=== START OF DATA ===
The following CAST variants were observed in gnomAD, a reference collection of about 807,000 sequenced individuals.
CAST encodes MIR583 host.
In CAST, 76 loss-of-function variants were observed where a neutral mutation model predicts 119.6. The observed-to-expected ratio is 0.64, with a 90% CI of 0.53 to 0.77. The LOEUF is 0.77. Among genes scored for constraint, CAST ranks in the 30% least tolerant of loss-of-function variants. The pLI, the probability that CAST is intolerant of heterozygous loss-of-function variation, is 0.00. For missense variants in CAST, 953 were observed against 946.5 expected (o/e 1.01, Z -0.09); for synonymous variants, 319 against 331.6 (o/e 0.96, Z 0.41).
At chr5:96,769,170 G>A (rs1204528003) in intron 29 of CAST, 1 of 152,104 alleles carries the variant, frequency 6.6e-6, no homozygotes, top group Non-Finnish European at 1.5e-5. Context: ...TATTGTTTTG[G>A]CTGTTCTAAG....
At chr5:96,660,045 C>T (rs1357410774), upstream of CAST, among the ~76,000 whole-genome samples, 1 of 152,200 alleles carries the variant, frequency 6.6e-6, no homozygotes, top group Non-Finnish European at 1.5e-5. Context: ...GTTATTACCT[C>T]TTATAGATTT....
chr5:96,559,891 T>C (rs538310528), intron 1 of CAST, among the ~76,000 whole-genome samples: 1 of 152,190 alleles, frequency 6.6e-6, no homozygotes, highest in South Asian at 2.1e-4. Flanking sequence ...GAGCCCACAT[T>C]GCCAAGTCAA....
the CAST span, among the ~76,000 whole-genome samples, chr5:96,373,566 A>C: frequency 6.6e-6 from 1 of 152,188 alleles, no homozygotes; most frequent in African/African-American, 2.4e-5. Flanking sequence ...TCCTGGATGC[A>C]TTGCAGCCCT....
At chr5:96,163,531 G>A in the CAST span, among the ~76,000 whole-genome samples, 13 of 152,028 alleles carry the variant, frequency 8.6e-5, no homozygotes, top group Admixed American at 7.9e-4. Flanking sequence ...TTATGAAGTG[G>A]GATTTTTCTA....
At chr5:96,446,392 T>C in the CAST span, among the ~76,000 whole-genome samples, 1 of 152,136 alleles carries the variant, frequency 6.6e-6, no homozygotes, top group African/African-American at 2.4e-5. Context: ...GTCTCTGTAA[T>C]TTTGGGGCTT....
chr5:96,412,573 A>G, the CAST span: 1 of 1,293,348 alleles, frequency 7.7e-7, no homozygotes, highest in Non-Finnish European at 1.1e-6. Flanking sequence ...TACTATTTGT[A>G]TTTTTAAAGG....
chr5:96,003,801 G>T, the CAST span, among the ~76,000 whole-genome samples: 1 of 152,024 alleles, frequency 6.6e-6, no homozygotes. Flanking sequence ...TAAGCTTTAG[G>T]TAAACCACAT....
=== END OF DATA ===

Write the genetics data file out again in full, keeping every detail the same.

The following CAST variants were observed in gnomAD, a reference collection of about 807,000 sequenced individuals.
CAST encodes MIR583 host.
In CAST, 76 loss-of-function variants were observed where a neutral mutation model predicts 119.6. The observed-to-expected ratio is 0.64, with a 90% CI of 0.53 to 0.77. The LOEUF is 0.77. Among genes scored for constraint, CAST ranks in the 30% least tolerant of loss-of-function variants. The pLI, the probability that CAST is intolerant of heterozygous loss-of-function variation, is 0.00. For missense variants in CAST, 953 were observed against 946.5 expected (o/e 1.01, Z -0.09); for synonymous variants, 319 against 331.6 (o/e 0.96, Z 0.41).
At chr5:96,769,170 G>A (rs1204528003) in intron 29 of CAST, 1 of 152,104 alleles carries the variant, frequency 6.6e-6, no homozygotes, top group Non-Finnish European at 1.5e-5. Context: ...TATTGTTTTG[G>A]CTGTTCTAAG....
At chr5:96,660,045 C>T (rs1357410774), upstream of CAST, among the ~76,000 whole-genome samples, 1 of 152,200 alleles carries the variant, frequency 6.6e-6, no homozygotes, top group Non-Finnish European at 1.5e-5. Context: ...GTTATTACCT[C>T]TTATAGATTT....
chr5:96,559,891 T>C (rs538310528), intron 1 of CAST, among the ~76,000 whole-genome samples: 1 of 152,190 alleles, frequency 6.6e-6, no homozygotes, highest in South Asian at 2.1e-4. Flanking sequence ...GAGCCCACAT[T>C]GCCAAGTCAA....
the CAST span, among the ~76,000 whole-genome samples, chr5:96,373,566 A>C: frequency 6.6e-6 from 1 of 152,188 alleles, no homozygotes; most frequent in African/African-American, 2.4e-5. Flanking sequence ...TCCTGGATGC[A>C]TTGCAGCCCT....
At chr5:96,163,531 G>A in the CAST span, among the ~76,000 whole-genome samples, 13 of 152,028 alleles carry the variant, frequency 8.6e-5, no homozygotes, top group Admixed American at 7.9e-4. Flanking sequence ...TTATGAAGTG[G>A]GATTTTTCTA....
At chr5:96,446,392 T>C in the CAST span, among the ~76,000 whole-genome samples, 1 of 152,136 alleles carries the variant, frequency 6.6e-6, no homozygotes, top group African/African-American at 2.4e-5. Context: ...GTCTCTGTAA[T>C]TTTGGGGCTT....
chr5:96,412,573 A>G, the CAST span: 1 of 1,293,348 alleles, frequency 7.7e-7, no homozygotes, highest in Non-Finnish European at 1.1e-6. Flanking sequence ...TACTATTTGT[A>G]TTTTTAAAGG....
chr5:96,003,801 G>T, the CAST span, among the ~76,000 whole-genome samples: 1 of 152,024 alleles, frequency 6.6e-6, no homozygotes. Flanking sequence ...TAAGCTTTAG[G>T]TAAACCACAT....